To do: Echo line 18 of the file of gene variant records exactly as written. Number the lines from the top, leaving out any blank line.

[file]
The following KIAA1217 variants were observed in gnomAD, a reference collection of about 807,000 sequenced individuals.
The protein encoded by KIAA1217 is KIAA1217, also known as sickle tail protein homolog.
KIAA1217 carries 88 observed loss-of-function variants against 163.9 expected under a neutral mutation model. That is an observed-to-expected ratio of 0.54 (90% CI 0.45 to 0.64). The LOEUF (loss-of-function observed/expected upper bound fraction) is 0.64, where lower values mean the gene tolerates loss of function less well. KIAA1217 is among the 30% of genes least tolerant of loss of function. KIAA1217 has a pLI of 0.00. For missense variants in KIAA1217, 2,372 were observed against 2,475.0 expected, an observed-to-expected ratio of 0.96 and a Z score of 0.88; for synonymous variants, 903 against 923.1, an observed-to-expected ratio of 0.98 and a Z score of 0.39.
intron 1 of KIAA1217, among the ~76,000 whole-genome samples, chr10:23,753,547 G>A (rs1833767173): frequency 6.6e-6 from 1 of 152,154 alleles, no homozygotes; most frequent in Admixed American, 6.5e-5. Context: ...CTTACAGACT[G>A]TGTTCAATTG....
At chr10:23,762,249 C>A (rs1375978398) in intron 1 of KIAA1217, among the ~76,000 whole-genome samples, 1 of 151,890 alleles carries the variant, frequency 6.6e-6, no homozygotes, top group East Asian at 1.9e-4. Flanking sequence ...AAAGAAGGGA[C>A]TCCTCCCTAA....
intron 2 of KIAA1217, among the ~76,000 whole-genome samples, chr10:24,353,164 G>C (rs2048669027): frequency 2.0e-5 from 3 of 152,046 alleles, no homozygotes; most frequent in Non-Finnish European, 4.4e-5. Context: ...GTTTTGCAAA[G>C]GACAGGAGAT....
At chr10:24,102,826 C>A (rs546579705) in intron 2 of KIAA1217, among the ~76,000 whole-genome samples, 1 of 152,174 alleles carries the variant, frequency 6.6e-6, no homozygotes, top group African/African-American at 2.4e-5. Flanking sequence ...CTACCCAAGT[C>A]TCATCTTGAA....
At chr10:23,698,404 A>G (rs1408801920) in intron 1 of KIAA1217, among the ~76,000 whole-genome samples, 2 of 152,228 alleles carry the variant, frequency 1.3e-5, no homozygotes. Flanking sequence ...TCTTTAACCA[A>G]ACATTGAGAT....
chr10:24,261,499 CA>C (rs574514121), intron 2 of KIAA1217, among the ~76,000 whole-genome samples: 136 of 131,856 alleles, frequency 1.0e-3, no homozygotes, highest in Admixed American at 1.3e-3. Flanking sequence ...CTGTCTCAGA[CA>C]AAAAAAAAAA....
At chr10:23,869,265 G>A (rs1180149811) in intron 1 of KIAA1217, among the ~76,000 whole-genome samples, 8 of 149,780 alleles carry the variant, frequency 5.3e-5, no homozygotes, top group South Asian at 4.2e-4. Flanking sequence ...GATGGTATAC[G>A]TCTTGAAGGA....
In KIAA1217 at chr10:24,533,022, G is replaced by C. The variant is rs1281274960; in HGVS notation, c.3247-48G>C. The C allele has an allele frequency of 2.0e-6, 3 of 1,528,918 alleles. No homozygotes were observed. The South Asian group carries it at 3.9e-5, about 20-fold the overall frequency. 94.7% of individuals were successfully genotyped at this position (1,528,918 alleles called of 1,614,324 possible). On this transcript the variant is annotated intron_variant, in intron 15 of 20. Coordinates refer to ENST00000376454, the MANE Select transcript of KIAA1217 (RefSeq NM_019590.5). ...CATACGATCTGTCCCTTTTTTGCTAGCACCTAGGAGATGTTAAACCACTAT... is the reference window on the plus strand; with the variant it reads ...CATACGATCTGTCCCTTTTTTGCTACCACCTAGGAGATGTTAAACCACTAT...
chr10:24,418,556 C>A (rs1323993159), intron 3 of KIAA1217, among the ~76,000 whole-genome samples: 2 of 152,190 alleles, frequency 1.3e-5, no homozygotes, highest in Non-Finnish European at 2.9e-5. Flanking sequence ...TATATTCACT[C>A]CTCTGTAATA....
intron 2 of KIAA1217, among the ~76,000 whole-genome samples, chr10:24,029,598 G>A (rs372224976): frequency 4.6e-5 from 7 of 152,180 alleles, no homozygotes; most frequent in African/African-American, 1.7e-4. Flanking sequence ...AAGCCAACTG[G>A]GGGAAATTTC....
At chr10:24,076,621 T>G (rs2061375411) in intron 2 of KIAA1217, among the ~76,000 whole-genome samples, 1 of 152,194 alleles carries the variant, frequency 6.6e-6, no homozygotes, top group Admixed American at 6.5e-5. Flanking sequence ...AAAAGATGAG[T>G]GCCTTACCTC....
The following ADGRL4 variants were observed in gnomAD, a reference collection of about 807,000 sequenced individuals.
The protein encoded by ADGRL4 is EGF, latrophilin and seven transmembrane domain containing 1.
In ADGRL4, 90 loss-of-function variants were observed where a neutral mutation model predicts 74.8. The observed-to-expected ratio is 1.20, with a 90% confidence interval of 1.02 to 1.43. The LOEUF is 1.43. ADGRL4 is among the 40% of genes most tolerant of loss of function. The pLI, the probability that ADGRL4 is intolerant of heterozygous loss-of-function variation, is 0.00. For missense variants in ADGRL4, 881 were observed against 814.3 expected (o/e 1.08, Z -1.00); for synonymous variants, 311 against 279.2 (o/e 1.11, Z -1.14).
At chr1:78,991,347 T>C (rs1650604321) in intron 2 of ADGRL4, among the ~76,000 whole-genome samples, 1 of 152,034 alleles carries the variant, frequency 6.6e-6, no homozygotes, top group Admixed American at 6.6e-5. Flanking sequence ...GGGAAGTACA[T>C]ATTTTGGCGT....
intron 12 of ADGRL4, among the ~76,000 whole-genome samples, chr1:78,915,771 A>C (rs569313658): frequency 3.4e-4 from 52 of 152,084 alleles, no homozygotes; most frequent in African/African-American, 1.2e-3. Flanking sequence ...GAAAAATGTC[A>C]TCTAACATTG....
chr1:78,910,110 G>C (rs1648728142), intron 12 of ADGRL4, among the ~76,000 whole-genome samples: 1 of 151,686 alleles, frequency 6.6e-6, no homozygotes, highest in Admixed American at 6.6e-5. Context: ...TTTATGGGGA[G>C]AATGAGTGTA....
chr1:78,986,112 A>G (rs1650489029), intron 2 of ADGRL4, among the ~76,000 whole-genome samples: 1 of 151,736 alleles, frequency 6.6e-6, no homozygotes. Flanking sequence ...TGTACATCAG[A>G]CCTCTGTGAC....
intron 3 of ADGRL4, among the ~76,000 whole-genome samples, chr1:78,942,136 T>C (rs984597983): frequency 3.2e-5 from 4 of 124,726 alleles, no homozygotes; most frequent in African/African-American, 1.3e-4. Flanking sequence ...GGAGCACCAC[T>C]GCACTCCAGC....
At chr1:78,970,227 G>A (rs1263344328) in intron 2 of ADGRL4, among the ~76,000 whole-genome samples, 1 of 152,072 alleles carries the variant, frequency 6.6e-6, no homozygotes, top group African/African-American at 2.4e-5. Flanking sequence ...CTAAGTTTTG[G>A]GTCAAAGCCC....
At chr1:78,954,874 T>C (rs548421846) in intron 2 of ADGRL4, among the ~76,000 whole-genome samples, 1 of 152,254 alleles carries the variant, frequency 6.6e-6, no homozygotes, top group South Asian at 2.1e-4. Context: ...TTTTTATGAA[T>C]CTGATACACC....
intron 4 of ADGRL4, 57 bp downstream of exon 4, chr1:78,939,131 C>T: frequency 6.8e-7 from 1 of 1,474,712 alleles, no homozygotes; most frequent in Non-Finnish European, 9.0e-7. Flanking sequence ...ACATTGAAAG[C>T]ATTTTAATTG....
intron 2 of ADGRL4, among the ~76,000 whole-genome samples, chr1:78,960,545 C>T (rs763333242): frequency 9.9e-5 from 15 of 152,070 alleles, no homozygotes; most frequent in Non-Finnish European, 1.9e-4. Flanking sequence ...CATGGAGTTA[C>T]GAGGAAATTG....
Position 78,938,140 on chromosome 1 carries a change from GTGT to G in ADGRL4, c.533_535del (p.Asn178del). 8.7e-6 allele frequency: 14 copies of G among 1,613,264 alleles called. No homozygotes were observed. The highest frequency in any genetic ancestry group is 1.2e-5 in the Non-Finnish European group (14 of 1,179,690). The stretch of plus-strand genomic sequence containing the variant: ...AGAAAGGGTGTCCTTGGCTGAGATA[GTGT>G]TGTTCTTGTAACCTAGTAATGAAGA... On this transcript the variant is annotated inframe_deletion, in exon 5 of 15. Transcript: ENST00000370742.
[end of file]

At chr1:78,991,347 T>C (rs1650604321) in intron 2 of ADGRL4, among the ~76,000 whole-genome samples, 1 of 152,034 alleles carries the variant, frequency 6.6e-6, no homozygotes, top group Admixed American at 6.6e-5. Flanking sequence ...GGGAAGTACA[T>C]ATTTTGGCGT....